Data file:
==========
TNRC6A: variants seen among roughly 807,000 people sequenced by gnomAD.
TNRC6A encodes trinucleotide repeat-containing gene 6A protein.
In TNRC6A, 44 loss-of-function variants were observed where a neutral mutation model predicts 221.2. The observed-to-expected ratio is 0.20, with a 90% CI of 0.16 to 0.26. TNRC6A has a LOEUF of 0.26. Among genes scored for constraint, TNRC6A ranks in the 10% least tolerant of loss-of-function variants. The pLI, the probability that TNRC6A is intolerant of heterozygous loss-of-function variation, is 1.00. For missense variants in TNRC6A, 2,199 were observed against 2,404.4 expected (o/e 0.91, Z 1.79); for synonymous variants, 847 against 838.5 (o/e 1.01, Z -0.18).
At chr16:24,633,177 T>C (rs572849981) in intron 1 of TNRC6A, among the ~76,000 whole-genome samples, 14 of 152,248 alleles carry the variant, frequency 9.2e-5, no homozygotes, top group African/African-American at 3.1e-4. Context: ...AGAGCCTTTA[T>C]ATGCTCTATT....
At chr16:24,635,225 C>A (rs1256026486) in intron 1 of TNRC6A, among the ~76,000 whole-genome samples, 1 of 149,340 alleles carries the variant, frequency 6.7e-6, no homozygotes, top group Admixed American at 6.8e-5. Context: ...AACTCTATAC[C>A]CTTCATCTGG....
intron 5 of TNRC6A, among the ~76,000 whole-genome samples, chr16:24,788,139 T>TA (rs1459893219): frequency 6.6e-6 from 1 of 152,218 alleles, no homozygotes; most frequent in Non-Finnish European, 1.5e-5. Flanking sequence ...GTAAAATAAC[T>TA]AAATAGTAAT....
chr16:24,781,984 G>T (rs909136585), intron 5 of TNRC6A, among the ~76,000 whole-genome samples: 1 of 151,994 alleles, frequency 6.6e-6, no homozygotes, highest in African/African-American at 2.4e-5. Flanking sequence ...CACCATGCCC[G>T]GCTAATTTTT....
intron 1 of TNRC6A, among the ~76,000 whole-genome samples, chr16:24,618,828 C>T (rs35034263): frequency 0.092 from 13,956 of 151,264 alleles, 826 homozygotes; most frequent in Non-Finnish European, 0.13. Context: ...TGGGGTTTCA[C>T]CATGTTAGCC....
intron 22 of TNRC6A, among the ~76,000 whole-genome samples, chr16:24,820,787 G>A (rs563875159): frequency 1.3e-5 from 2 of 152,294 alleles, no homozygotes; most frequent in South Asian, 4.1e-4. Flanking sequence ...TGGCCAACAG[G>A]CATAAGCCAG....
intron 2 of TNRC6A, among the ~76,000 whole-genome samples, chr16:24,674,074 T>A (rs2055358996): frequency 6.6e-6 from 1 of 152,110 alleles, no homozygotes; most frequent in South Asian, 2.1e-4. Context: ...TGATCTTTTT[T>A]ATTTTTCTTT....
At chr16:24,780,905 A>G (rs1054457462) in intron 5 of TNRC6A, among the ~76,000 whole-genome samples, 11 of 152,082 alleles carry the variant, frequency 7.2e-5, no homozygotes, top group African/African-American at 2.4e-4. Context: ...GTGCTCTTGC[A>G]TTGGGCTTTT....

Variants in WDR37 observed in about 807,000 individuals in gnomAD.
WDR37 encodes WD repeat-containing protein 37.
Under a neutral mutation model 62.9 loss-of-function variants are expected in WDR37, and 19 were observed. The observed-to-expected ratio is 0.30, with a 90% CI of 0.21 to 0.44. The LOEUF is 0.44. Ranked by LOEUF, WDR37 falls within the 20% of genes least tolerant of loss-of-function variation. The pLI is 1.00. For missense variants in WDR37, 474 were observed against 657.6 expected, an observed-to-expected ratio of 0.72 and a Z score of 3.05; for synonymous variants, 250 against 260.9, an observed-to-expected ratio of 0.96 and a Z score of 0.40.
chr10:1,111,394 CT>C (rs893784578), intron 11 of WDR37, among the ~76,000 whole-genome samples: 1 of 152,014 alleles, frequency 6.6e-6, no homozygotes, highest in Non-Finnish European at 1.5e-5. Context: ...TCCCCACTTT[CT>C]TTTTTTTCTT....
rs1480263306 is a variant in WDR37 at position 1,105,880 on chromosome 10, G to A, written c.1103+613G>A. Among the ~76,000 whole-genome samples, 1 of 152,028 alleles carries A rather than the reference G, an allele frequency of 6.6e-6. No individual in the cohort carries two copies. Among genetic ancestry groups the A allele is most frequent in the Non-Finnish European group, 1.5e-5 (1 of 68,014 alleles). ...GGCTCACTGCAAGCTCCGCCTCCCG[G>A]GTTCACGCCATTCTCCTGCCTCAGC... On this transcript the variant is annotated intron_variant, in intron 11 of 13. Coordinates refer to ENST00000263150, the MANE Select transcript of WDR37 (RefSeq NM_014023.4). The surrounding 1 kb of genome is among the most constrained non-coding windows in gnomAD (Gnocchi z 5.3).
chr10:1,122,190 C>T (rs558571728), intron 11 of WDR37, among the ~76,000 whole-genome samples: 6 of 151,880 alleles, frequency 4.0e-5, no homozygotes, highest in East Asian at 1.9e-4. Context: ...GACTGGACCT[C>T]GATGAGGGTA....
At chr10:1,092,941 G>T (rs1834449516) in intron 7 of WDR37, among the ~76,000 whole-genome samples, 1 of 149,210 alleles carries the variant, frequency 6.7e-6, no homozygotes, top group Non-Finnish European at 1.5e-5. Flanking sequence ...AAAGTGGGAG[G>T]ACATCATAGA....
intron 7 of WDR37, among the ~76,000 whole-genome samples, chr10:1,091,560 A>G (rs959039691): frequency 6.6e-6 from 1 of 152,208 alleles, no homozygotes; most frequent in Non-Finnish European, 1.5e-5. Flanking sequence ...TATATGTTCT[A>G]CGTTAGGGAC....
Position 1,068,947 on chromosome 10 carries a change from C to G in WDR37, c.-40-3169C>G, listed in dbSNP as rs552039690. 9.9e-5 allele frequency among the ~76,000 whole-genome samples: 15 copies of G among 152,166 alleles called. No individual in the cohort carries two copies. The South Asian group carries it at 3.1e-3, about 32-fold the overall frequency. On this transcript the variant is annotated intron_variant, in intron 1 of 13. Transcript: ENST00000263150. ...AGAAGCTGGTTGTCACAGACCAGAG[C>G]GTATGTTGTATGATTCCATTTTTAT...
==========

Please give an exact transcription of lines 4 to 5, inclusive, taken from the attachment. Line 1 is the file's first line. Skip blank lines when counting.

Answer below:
At chr16:24,633,177 T>C (rs572849981) in intron 1 of TNRC6A, among the ~76,000 whole-genome samples, 14 of 152,248 alleles carry the variant, frequency 9.2e-5, no homozygotes, top group African/African-American at 3.1e-4. Context: ...AGAGCCTTTA[T>C]ATGCTCTATT....
At chr16:24,635,225 C>A (rs1256026486) in intron 1 of TNRC6A, among the ~76,000 whole-genome samples, 1 of 149,340 alleles carries the variant, frequency 6.7e-6, no homozygotes, top group Admixed American at 6.8e-5. Context: ...AACTCTATAC[C>A]CTTCATCTGG....